Interview: 10 Questions for Mads Mikkelsen | Film reviews, news & interviews
Interview: 10 Questions for Mads Mikkelsen
The Bond baddie on monarchy, typecasting and what's rotten in the state of Denmark
From playing a blood-weeping Bond villain in 2006’s Casino Royale to his repeated collaborations with directors such as Nicolas Winding Refn (Drive) and Susanne Bier (After The Wedding), Danish-born actor Mads Mikkelsen has carved out a respected niche on both sides of the pond. He can come out of questionable blockbuster material unscathed – as his recent turns in Clash of the Titans and The Three Musketeers demonstrate – and elevate good material with his relentlessly compelling, peculiarly intense screen presence.
He’s recently been confirmed to play a villain in the follow-up to Kenneth Branagh’s Thor, and he’ll take on the role of Hannibal Lecter in a new US mini-series exploring the origins of everybody’s favourite cannibal. On the home front, he won Best Actor at Cannes this year for Thomas Vinterberg’s The Hunt, in which he plays a man who becomes the target of mass hysteria in a small Danish village.
Mikkelsen’s new film A Royal Affair is a dark, urgent period drama based around real events in 18th century Denmark, with an emotional immediacy and freshness belied by its rather drab poster campaign. Mikkelsen plays royal physician Johann Friedrich Struensee, who is brought in to treat King Christian VII (Mikkel Følsgaard) for his unspecified mental illness. Struensee develops a genuine bond with the king, but also falls for his mistreated queen Caroline Mathilde (Alicia Vikander), and uses his increasing position of power to bring about a series of reforms which ultimately lead to his downfall. It’s a conflicted, dramatically fraught role and Mikkelsen plays all of the nuance and passion with none of the melodrama that might threaten to overwhelm the story.
In person, Mikkelsen is engaged, hugely enthusiastic and not even remotely villainous, as we recline on West London sofas to discuss monarchy, typecasting and what Yank filmmakers could stand to learn from Europe.
EMMA DIBDIN: The story of A Royal Affair isn’t widely known here, but I assume it’s much more so in Denmark?
MADS MIKKELSEN: In terms of the crown jewels of Danish history, yeah, it's up there with the top five. People certainly know that he had a relationship with the Queen, and took over the country, and there are divided opinions about whether it was a selfish act, whether it was ambition, whether he was a good man or a crook. I got very emotional when I read the script for this, and that rarely happens the first time. Normally it takes a while to dig into the script, and this is a period drama which can be even more tricky to get inside. You often have to get through the wigs and costumes before you find the human beings. But I thought it was beautiful, and there was no reason to say no.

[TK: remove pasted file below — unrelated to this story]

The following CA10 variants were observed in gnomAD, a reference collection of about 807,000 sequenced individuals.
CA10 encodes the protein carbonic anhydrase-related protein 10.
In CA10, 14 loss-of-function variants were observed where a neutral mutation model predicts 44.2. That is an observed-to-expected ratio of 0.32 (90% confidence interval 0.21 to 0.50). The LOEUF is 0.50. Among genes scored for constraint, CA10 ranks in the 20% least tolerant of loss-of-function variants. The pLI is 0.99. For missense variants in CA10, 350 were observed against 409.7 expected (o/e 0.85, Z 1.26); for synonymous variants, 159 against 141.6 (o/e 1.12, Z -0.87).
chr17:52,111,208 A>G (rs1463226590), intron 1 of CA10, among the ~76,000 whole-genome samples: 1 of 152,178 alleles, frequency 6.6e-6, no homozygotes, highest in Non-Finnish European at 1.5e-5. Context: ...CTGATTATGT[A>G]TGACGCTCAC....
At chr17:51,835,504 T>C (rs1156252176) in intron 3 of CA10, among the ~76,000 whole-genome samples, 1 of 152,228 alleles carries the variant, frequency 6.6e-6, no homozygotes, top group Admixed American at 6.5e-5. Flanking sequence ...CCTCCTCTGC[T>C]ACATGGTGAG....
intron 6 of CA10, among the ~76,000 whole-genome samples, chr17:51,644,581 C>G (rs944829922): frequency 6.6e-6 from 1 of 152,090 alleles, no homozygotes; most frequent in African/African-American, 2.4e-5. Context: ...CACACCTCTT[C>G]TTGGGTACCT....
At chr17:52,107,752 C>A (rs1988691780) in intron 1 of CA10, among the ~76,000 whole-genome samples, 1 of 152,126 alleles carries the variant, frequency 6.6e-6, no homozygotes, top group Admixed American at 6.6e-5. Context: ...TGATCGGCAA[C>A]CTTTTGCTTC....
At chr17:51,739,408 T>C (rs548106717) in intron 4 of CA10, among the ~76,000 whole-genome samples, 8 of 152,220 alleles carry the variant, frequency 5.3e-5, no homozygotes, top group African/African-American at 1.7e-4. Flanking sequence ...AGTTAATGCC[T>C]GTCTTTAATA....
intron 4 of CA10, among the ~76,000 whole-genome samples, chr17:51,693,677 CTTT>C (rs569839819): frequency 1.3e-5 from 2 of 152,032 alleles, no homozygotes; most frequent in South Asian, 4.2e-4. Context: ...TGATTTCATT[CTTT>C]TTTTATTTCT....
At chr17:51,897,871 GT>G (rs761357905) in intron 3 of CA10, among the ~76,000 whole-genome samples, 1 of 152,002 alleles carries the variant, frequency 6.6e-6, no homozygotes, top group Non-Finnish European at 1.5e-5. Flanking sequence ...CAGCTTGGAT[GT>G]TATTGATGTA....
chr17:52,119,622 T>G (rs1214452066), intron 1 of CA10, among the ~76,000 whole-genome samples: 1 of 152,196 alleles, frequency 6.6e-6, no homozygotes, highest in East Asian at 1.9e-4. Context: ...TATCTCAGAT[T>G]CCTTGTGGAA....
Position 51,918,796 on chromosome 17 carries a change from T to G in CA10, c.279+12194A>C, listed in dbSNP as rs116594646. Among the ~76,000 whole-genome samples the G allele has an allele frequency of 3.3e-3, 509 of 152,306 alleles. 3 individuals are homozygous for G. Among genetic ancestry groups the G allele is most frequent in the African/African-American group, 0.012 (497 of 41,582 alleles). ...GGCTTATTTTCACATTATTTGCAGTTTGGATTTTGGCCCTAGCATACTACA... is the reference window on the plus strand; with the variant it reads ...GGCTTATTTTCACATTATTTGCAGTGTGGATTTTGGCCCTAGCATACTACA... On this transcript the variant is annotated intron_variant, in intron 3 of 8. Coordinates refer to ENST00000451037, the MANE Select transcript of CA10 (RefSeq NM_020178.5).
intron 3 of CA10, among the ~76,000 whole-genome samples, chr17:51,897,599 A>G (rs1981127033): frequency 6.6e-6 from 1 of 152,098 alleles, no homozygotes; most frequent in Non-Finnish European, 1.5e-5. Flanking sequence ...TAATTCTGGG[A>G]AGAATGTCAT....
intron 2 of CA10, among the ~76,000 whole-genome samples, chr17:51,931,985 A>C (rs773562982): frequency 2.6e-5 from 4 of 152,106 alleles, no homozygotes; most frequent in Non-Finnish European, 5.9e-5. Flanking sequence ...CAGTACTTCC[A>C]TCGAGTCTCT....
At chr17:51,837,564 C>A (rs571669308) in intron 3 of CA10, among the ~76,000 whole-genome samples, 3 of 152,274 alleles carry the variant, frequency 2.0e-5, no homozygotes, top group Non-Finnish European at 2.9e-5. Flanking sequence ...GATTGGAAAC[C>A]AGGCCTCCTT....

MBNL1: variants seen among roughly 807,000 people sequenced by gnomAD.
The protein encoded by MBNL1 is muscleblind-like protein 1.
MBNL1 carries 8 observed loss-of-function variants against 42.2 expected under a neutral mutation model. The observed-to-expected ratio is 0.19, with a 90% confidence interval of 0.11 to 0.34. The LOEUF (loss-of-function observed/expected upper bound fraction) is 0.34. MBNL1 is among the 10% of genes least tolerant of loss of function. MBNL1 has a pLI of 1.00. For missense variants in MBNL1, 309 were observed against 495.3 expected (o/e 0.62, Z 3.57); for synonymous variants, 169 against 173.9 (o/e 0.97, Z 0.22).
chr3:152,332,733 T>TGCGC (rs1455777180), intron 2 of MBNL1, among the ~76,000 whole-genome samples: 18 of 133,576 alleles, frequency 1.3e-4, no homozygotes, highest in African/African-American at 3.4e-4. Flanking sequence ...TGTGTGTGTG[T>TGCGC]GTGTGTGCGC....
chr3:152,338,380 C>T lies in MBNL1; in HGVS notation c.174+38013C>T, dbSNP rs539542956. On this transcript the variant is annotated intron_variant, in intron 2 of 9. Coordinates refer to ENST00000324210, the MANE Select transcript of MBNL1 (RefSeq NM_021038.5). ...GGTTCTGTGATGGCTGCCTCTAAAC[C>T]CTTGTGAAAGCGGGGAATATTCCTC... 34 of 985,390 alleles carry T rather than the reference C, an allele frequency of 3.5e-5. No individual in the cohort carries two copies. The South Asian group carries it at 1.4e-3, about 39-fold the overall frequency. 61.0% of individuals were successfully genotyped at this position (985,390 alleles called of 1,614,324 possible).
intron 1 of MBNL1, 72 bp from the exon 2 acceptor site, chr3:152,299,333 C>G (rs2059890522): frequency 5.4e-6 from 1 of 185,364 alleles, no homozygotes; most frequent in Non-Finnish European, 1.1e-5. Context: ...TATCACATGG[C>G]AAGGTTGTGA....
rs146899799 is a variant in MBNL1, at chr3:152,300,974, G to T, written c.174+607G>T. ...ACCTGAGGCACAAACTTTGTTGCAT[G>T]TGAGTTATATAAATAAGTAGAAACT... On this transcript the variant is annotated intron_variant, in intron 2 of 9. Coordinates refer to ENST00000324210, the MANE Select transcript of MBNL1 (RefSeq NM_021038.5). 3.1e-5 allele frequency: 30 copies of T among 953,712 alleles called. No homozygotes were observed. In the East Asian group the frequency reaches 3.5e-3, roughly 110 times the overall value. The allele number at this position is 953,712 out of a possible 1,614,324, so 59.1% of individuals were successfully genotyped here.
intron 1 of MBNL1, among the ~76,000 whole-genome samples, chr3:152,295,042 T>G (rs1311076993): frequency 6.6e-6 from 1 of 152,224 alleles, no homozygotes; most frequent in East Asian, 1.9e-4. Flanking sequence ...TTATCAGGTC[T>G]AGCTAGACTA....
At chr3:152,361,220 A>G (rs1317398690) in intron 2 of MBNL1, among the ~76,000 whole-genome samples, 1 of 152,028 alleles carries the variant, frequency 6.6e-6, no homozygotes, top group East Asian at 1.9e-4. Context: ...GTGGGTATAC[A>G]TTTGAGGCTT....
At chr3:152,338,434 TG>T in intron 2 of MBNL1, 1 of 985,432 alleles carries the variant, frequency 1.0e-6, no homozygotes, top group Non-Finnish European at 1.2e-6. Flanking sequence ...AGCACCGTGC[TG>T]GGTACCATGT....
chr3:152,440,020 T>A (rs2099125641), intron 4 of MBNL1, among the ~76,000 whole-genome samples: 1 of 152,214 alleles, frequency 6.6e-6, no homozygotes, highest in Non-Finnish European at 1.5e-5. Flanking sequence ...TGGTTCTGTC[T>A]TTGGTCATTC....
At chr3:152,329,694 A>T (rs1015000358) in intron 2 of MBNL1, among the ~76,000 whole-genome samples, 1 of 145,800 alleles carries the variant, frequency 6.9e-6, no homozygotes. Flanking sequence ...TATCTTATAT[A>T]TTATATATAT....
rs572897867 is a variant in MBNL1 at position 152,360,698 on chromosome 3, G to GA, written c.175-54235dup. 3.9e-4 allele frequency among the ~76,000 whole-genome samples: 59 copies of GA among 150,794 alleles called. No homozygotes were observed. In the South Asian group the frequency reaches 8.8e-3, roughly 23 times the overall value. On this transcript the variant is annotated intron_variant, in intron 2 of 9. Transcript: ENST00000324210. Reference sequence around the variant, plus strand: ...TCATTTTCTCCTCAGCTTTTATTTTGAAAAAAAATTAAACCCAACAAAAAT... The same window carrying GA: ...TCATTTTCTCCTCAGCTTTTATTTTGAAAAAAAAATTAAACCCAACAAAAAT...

There’s a lot of ambiguity to (your character) Struensee – you can make the argument that what he does serves the greater good, but he certainly seems to exploit the King’s trust in him.
Totally. We do believe, based on the real letters and diaries, that the King and he really, really cared for each other, they loved each other. At the beginning, his dream is not to change anything in Denmark, his ambition is just to open up this young man, and find the key to him, because he’s obviously absorbed by some problem. So that’s why he starts persuading him to stand up for himself, and then as he realizes that there are people whispering in his ear, Struensee thinks “well, maybe I should be doing that, because I have better ideas than they have.” And gradually, you start slipping from there.
How much is known about Struensee’s relationship with the Queen?
We know for a fact that it was not a political alliance, it was a real love story. That was a benefit and gift for the film, because you can actually bring some romance to it without lying. And of course the fact that he’s lying to his beloved friend the King makes this a very dramatic character, a man full of dilemmas. And at the end of the day he forgets everybody around him, he forgets the Queen, the King, his friends, and he's doing everything too fast. Like every good dictator in history, they start out with brilliant ideas but they forget, they get tunnel vision.
Subscribe to theartsdesk.com
Thank you for continuing to read our work on theartsdesk.com. For unlimited access to every article in its entirety, including our archive of more than 10,000 pieces, we're asking for £2.95 per month or £25 per year. We feel it's a very good deal, and hope you do too.
To take an annual subscription now simply click here.
And if you're looking for that extra gift for a friend or family member, why not treat them to a theartsdesk.com gift subscription?
Schwarzenegger grins through a grim resurrection for the franchise
Profoundly depressing scrutiny of the ascent and decline of Amy Winehouse
A major BFI retrospective marks the centenary of the director's birth
Teen horror with a kind but chilling heart
Boundary-pushing documentaries were among strong offerings in the festival's closing days
Woody Allen haunts Peter Bogdanovich's putative comeback
Swedish depiction of the collapse of male character will make you squirm
Edinburgh puts other festivals in the shade with an amazing array of female filmmakers
British cycling captured on film, from 1899 to 1983
Vienna, the zither, a twist of Lime: Carol Reed's newly restored noir masterpiece returns
Weak documentary about a transcontinental rail journey freighted with art 'happenings'
Masterful McKellen captures the great detective in his twilight years